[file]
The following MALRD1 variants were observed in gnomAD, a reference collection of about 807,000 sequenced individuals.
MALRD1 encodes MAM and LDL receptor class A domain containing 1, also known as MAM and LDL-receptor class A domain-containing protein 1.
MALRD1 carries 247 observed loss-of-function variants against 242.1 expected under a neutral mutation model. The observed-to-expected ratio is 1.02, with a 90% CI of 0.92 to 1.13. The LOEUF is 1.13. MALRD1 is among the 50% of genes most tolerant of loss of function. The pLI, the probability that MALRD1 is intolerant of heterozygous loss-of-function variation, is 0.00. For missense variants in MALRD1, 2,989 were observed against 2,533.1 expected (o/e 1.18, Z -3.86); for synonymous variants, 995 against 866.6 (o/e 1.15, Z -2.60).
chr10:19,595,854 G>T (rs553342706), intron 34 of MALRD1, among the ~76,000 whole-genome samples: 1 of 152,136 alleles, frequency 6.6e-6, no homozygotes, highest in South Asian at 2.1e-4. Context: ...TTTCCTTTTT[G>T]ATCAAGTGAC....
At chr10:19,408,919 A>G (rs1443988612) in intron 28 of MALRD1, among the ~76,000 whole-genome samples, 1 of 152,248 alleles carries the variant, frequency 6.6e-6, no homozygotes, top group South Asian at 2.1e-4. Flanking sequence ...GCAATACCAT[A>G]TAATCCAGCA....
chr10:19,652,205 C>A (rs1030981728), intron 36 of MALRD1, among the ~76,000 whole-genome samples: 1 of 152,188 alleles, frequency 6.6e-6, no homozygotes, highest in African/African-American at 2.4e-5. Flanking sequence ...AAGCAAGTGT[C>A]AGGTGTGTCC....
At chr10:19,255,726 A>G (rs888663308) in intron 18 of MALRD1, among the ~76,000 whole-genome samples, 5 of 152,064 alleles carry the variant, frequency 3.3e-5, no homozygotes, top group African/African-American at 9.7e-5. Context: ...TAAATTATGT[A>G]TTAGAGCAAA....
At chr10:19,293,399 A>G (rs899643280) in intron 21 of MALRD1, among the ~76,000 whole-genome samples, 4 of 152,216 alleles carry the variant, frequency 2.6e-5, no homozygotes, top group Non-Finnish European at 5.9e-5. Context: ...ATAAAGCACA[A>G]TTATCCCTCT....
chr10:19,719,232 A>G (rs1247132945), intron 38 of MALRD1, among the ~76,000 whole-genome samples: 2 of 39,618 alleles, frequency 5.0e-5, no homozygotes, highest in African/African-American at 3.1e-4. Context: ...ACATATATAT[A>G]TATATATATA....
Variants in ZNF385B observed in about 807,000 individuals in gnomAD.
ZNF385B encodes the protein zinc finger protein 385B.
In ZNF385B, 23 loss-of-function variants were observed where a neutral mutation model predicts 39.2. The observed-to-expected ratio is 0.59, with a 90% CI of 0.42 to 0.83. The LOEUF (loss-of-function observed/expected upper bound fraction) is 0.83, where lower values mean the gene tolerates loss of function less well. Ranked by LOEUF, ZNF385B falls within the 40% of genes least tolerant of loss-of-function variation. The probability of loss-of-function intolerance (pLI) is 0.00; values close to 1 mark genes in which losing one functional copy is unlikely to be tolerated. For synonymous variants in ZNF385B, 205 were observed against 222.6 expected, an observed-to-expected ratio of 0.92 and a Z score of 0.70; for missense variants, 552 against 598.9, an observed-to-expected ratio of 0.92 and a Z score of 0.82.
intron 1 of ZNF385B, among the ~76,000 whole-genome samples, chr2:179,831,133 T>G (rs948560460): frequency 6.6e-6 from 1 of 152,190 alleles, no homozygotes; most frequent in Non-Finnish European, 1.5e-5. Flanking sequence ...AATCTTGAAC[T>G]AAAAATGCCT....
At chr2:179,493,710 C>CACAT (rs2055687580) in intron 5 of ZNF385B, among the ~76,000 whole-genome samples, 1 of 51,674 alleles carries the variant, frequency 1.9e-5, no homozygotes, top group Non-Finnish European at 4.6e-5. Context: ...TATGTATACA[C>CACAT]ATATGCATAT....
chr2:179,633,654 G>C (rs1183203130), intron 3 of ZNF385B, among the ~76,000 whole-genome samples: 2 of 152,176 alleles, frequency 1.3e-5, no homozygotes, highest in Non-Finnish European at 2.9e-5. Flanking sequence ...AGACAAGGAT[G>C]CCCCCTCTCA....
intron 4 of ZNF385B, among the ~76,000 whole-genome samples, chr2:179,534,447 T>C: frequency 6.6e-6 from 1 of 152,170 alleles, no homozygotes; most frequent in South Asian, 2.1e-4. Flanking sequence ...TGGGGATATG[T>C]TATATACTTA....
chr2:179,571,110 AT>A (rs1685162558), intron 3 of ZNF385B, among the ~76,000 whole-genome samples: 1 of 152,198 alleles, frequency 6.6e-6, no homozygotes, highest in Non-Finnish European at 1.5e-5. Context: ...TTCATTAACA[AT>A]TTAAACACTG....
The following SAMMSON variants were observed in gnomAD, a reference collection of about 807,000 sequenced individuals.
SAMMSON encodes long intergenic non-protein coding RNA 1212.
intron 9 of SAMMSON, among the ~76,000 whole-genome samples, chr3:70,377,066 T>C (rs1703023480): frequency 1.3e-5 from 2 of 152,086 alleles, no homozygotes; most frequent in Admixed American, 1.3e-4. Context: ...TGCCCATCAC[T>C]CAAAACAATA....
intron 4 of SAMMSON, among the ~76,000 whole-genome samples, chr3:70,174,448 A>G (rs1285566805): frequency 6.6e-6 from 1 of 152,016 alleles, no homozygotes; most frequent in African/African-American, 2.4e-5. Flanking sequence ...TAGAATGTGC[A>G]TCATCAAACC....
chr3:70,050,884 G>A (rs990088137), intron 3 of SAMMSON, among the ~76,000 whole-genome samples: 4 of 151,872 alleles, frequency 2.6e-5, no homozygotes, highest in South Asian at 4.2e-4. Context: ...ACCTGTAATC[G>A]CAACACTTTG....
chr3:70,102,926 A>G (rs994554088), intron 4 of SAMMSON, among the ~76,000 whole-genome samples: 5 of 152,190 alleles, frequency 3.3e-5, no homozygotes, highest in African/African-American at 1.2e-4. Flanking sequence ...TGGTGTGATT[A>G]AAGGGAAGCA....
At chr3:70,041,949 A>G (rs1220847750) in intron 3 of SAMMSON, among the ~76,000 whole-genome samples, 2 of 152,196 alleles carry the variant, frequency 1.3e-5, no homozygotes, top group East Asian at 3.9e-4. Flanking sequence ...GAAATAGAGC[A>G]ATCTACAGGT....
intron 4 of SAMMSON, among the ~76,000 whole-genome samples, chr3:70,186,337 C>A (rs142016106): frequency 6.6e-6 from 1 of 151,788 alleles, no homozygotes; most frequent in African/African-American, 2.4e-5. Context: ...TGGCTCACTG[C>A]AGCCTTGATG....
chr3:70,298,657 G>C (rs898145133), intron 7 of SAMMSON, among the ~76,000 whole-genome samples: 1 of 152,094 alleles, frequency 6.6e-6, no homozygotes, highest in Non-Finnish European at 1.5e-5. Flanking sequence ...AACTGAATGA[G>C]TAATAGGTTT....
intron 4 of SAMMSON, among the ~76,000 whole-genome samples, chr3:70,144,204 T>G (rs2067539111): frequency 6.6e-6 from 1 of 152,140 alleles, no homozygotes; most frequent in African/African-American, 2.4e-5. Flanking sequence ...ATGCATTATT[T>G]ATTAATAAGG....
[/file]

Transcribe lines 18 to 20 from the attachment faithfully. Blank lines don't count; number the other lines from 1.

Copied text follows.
The following SAMMSON variants were observed in gnomAD, a reference collection of about 807,000 sequenced individuals.
SAMMSON encodes long intergenic non-protein coding RNA 1212.
intron 9 of SAMMSON, among the ~76,000 whole-genome samples, chr3:70,377,066 T>C (rs1703023480): frequency 1.3e-5 from 2 of 152,086 alleles, no homozygotes; most frequent in Admixed American, 1.3e-4. Context: ...TGCCCATCAC[T>C]CAAAACAATA....